This conservation awards program was initiated in 1914 by Dr. William T. Hornaday, then director of the New York Zoological Park, in an effort to inspire members of the Boy Scouts of America to work constructively for conservation. For 20 years the program was funded through Hornaday's Permanent Wildlife Protection Fund. Upon his death, the program was sponsored for 35 years by the New York Zoological Society and named in Hornaday's honor. The award is the oldest conservation award given in America.
The BSA's national conservation committee has reviewed the approval procedures for the Hornaday Award and has established guidelines.
The William T. Hornaday Award may be given in one of seven forms:
The unit certificate and badge are awarded by the local council's conservation committee. Application is made through the local council. Councils may obtain unit certificates and youth badges by sending approved award applications to the Boy Scout Conservation Service at the national office.
The bronze medal is awarded by the National Council upon recommendation of the local council. A qualified Boy Scout, Varsity Scout, or Venturer must apply through and be recommended by his or her local council. Final selection is made by a national William T. Hornaday Award selection committee, and presentation is made by the local council.
The silver medal is handled in the same way as the bronze medal in regard to recommendation and application. The award is the highest possible attainment in conservation for a Boy Scout, Varsity Scout, or Venturer.
The gold medal may be considered when a qualified Scouter is recommended by his or her council, by an established conservation organization, or by any recognized conservationist. The nominee must have demonstrated leadership and a commitment to the education of youth on a national or international level, reflecting the natural resource conservation/environmental awareness mission of the Boy Scouts of America. Nominations must be approved by the BSA's national conservation committee. The gold medal is the highest possible attainment in conservation for a Scouter.
The gold badge is awarded by the local council's conservation committee. Scouters who have demonstrated leadership and a significant commitment to conservation and the education of Scouting youth on a council or district level over a sustained period (at least three years) may be nominated for this award. Councils may obtain gold badges by sending approved award applications to the Boy Scout Conservation Service at the national office.
The gold certificate is an award granted to an organization not necessarily affiliated with Scouting. The nominated organization must have demonstrated leadership and a commitment to the education of youth on a national or international level, reflecting the natural resource conservation/environmental awareness mission of the Boy Scouts of America.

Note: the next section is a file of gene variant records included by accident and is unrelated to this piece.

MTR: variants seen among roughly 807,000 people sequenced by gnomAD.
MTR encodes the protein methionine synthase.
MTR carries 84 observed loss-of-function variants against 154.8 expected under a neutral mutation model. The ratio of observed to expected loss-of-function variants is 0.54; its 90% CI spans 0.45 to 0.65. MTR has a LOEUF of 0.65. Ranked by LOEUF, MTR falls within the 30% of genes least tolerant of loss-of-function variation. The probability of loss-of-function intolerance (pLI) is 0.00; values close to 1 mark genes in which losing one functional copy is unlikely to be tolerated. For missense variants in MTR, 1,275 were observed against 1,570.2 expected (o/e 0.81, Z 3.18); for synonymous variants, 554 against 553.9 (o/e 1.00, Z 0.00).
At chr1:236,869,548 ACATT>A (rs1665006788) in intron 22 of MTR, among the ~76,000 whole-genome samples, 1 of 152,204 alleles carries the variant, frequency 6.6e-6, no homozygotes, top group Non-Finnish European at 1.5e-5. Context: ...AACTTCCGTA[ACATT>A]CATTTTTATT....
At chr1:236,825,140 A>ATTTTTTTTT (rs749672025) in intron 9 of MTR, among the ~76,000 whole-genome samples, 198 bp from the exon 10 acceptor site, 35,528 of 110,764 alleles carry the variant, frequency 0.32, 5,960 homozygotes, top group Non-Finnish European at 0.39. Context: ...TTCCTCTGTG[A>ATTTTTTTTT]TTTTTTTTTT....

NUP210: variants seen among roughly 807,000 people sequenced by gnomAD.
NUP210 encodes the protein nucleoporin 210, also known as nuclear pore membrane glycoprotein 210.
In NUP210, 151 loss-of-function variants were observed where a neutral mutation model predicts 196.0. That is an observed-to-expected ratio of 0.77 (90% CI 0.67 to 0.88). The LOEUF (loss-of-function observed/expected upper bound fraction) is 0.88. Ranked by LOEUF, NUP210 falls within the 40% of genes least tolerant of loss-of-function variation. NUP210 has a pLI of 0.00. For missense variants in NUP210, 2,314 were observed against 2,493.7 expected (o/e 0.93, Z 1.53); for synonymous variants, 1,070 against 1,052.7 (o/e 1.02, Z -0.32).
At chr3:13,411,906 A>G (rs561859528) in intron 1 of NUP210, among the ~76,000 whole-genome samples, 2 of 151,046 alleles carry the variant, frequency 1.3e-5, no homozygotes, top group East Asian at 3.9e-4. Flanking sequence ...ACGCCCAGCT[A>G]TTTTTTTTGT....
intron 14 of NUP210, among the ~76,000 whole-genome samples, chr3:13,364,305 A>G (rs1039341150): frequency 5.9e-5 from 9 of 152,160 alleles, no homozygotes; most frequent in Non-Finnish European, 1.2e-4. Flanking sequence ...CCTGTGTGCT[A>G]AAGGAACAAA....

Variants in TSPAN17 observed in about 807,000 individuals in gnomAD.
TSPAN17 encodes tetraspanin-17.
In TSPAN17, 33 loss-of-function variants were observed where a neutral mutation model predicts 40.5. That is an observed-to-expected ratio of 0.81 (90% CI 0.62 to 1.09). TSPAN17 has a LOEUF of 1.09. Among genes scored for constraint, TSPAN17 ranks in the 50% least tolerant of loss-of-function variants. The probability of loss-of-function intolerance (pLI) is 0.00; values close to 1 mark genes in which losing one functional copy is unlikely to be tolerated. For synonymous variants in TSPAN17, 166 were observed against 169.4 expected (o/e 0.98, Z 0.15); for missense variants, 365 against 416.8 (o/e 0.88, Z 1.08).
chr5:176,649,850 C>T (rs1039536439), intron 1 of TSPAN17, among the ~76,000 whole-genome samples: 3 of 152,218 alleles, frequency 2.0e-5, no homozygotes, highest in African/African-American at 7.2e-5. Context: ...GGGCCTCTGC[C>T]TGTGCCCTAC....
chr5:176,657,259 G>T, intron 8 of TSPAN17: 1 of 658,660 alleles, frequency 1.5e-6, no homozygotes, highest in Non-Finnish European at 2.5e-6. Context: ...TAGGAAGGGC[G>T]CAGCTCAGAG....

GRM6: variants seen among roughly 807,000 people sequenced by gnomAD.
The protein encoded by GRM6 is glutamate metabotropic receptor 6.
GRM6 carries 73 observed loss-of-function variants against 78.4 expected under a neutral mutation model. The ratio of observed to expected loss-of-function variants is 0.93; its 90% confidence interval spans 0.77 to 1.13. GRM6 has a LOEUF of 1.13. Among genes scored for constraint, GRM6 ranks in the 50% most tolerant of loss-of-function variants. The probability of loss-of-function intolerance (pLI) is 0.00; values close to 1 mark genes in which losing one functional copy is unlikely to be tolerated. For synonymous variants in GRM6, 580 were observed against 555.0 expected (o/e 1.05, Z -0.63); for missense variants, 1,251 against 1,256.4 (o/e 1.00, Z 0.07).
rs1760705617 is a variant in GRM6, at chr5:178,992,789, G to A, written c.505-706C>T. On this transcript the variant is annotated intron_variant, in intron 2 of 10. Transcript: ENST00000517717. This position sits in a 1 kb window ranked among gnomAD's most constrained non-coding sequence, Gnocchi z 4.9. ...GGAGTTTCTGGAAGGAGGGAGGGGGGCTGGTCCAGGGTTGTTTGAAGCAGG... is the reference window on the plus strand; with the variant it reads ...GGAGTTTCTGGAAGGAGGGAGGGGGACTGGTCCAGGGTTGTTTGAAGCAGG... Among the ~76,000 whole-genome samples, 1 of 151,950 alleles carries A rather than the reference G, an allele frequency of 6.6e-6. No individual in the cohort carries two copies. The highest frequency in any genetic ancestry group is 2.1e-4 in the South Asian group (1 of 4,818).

Nominations for the medals and gold certificate are considered by the national award committee several times a year.
The badge, bronze medal, and silver medal are youth awards. The age limit for Boy Scouts and Varsity Scouts is 17, and for Venturers, 20 years of age.
Completed applications for the unit certificate and badge must be submitted to the council, which will decide whether they are worthy of consideration for the Hornaday Award. Qualified applicants will be interviewed by a council committee. The committee determines whether the applicant is qualified for the Hornaday badge (or certificate, for units). Each council has authority to award the certificate and t he bronze and gold badges.
Each Hornaday bronze and silver medal applicant is expected to carry out four substantial conservation projects in different areas of conservation. If the council committee determines that the application merits consideration for one of the Hornaday medals, the application and all supporting materials (which must be approved by the Scout executive) are forwarded to the BSA's national office. Applications are judged by the national award committee.
An applicant should be advised that his or her application form, with supporting evidence of work accomplished, is the only information the national award committee has for selecting winners. Thus, applications should be filled out neatly, and the list of activities should be as complete and descriptive as possible. Adequate supporting materials must accompany the application. Materials such as letters, snapshots, videotapes, project descriptions, drawings, planning papers, news clippings, talks given, etc., should be well-organized, neatly mounted in a notebook or scrapbook, and labeled.
Additional applications (No. 21-107) may be downloaded from National Council Web site of the Boy Scouts of America, or obrained through the Westchester-Putnam Council service center.
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Last Updated: April 8, 2011